• Frequency: How often a user wants to do something. If a use case is super convenient and accessible, but you only need it once a year, the effort for setting the system up might outweigh its benefits.

2. Assistant Persona

Once you know what your app will do, it is important to define who it is speaking on your behalf with your users. The assistant persona, in a way, is analogous to the visual appearance of a graphical interface. Getting it right makes the difference between a smooth experience and a feeling of mistrust and doubt. Obviously, that is not what we want!

To define a fitting persona, start by giving it a name. Choose a real name, such as Alexa, or a descriptive one like Number Genie, whatever fits your brand and app use case. You will not need to refer to that name throughout your VUI — although you can — but it’s invaluable for the design process. For the sake of having a complete picture, give your assistant a little backstory. What is its job? What’s its personality like? How do people perceive it?

To figure out how it will actually speak you start by collecting a set of attributes that your brand is known for among your customers. Next, imagine how these attributes translate to speech properties of your assistant. How would they talk, what kind of words do they use, what speed or tonality would they talk in? Write down everything you can think of in a style guide, ideally including Dos and Don’ts for illustration. It’s always easier to transfer from concrete examples than to comprehend from abstract descriptions.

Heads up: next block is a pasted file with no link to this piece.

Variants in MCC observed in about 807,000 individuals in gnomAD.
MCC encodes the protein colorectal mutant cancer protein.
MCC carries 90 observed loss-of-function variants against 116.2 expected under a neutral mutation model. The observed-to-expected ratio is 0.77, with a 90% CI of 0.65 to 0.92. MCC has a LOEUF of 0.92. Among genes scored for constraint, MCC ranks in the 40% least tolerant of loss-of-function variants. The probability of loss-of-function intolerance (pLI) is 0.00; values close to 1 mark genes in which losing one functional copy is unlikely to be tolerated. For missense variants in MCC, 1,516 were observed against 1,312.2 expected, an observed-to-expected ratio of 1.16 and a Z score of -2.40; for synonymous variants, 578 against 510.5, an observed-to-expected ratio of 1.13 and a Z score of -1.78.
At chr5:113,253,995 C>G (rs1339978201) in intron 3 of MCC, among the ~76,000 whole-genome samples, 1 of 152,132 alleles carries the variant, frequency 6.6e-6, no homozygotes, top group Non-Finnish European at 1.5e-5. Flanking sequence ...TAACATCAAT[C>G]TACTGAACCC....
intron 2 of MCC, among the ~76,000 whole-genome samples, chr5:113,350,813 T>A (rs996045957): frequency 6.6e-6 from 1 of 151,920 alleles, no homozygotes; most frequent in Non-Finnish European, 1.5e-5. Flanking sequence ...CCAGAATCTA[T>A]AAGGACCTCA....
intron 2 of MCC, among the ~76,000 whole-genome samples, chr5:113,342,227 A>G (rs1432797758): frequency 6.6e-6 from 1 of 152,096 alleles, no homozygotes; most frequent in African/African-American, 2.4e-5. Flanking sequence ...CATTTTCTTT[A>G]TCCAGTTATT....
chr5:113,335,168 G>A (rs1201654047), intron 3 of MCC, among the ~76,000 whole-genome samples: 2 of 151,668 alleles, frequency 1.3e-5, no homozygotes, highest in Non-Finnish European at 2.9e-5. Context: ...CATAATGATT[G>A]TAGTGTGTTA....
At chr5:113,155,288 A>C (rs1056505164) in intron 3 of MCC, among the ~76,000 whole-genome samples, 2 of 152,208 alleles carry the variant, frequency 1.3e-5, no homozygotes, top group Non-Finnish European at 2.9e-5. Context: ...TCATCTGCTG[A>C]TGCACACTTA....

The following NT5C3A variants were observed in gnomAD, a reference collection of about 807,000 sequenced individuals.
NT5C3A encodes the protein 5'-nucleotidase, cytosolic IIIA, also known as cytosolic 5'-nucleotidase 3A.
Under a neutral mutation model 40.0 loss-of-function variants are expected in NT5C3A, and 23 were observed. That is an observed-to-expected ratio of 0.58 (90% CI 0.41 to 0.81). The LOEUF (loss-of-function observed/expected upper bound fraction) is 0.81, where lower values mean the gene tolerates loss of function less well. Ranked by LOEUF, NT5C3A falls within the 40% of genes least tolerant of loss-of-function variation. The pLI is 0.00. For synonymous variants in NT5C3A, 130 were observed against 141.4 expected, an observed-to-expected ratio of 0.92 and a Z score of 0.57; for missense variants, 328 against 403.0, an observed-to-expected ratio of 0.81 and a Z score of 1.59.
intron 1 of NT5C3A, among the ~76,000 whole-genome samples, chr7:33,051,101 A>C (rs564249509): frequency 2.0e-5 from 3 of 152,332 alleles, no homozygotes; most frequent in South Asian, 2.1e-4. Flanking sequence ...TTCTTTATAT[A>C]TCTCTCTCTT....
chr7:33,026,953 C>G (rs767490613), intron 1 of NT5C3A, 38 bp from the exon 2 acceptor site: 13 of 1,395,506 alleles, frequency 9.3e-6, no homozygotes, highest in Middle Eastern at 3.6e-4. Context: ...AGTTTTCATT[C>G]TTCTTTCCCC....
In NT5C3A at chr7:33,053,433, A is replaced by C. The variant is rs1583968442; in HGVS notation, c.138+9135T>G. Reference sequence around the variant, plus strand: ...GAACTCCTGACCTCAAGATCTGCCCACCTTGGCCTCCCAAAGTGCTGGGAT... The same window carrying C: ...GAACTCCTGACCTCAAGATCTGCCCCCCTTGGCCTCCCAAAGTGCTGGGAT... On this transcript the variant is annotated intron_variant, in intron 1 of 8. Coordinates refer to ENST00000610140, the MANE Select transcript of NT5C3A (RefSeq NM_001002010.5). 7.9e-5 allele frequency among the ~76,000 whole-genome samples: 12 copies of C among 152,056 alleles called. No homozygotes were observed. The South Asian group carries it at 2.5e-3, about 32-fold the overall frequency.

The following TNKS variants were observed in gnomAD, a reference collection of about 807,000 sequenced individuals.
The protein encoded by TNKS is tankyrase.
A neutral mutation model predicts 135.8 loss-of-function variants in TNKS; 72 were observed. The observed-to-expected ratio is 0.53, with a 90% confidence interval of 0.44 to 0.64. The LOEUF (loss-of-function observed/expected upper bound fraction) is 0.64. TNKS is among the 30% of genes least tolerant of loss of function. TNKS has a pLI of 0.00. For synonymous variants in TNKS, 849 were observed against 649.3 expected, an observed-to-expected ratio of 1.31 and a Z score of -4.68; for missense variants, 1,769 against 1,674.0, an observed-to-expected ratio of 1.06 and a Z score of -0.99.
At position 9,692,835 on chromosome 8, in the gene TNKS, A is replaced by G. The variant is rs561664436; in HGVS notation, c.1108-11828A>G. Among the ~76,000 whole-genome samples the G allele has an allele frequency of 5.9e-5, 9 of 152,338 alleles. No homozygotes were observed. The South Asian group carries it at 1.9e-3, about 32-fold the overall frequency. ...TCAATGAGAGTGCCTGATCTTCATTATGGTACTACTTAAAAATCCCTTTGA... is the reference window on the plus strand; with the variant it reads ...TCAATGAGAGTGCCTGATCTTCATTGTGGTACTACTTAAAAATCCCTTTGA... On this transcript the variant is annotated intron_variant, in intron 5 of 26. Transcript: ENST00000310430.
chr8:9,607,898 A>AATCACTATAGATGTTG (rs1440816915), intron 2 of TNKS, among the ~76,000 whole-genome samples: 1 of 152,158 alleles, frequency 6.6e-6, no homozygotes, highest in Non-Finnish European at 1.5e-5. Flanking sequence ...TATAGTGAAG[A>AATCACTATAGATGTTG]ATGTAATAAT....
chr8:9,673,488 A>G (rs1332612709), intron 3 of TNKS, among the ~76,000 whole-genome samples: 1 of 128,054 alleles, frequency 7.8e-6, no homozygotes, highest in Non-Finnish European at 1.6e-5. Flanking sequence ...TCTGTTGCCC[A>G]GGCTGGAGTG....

Once you have a well enough idea of who your persona is, give it an avatar to make it even more tangible. All this will help tremendously with trying to put yourself in its position when writing the dialogs.

3. Scripting, Acting & Intents

Now it’s time to get to the actual meat of the VUI: the dialogs. You’ll have to define what the user can say, as well as what the machine might reply. The process here is very similar to actual screenwriting. Based on a certain setting of contextual preconditions, you’ll sketch out a turn by turn dialog with two partners: your user and the assistant.

Now our work on the assistant persona comes in handy, as it helps us imagine the assistant as an actual person full of motivation and intentionality behind expressions. Without that, it’s all too easy to fall back into a more robotic, less natural scheme, since this is generally easier. It’s kind of funny how something that comes naturally to us in conversation all of a sudden becomes really complicated when you’re trying to analyze and construct it.

Scripting

To get started, just jot down a hypothetical dialog, off the top of your head, for one of the ways your conversation could go. Sketch out the happy path where everything goes according to plan. Both partners are understanding each other well. Both are cooperatively pushing the conversation forward to an efficient and successful end.

Once you got a version of the ideal flow down, repeat the process over and over, exploring variations, alternative flows and all sorts of error paths. These can include some related or additional functionality, missing input data, unclear user input, etc… You’ll get the hang of it and come up with ever more during the process. This gives you a good sense for all the situations your app should be able to cover. And subsequently about the logical structure of your app.

Acting

Once that you got all of the important dialogs down on paper, it’s time for action! Grab a partner, or even ask a duo for help, and act out the conversation like in a screenplay. This step is crucial because it helps you simulate what your written words will sound like. And that’s often weird, too long or much more inelegant then you first thought. Written language is just really different from the spoken.

Going through these dialogs multiple times, making adjustments to the wording and iterating on it, just makes the outcome so much better. I know it’s uncomfortable and you might feel silly reciting a 3 line dialog over and over. But trust me, it’s worth it!

Intents